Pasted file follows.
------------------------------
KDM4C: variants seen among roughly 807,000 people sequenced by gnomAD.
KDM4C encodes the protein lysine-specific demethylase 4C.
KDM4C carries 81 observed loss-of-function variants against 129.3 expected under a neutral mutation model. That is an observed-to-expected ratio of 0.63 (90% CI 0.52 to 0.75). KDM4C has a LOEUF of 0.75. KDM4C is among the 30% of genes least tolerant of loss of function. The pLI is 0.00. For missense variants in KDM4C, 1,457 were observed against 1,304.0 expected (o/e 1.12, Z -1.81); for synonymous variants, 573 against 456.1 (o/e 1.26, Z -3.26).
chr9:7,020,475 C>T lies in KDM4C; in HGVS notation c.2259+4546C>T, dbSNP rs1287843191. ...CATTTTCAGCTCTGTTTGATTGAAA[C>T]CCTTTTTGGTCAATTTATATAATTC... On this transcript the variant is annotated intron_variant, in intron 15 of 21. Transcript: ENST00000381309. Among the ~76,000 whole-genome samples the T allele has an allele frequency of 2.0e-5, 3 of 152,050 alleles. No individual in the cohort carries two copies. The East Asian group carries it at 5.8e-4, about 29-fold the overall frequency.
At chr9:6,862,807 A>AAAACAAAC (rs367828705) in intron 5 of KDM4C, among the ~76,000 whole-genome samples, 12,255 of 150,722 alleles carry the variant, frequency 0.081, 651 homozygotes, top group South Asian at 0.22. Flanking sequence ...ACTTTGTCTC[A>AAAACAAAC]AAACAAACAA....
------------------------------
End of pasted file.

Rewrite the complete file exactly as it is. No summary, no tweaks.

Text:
KDM4C: variants seen among roughly 807,000 people sequenced by gnomAD.
KDM4C encodes the protein lysine-specific demethylase 4C.
KDM4C carries 81 observed loss-of-function variants against 129.3 expected under a neutral mutation model. That is an observed-to-expected ratio of 0.63 (90% CI 0.52 to 0.75). KDM4C has a LOEUF of 0.75. KDM4C is among the 30% of genes least tolerant of loss of function. The pLI is 0.00. For missense variants in KDM4C, 1,457 were observed against 1,304.0 expected (o/e 1.12, Z -1.81); for synonymous variants, 573 against 456.1 (o/e 1.26, Z -3.26).
chr9:7,020,475 C>T lies in KDM4C; in HGVS notation c.2259+4546C>T, dbSNP rs1287843191. ...CATTTTCAGCTCTGTTTGATTGAAA[C>T]CCTTTTTGGTCAATTTATATAATTC... On this transcript the variant is annotated intron_variant, in intron 15 of 21. Transcript: ENST00000381309. Among the ~76,000 whole-genome samples the T allele has an allele frequency of 2.0e-5, 3 of 152,050 alleles. No individual in the cohort carries two copies. The East Asian group carries it at 5.8e-4, about 29-fold the overall frequency.
At chr9:6,862,807 A>AAAACAAAC (rs367828705) in intron 5 of KDM4C, among the ~76,000 whole-genome samples, 12,255 of 150,722 alleles carry the variant, frequency 0.081, 651 homozygotes, top group South Asian at 0.22. Flanking sequence ...ACTTTGTCTC[A>AAAACAAAC]AAACAAACAA....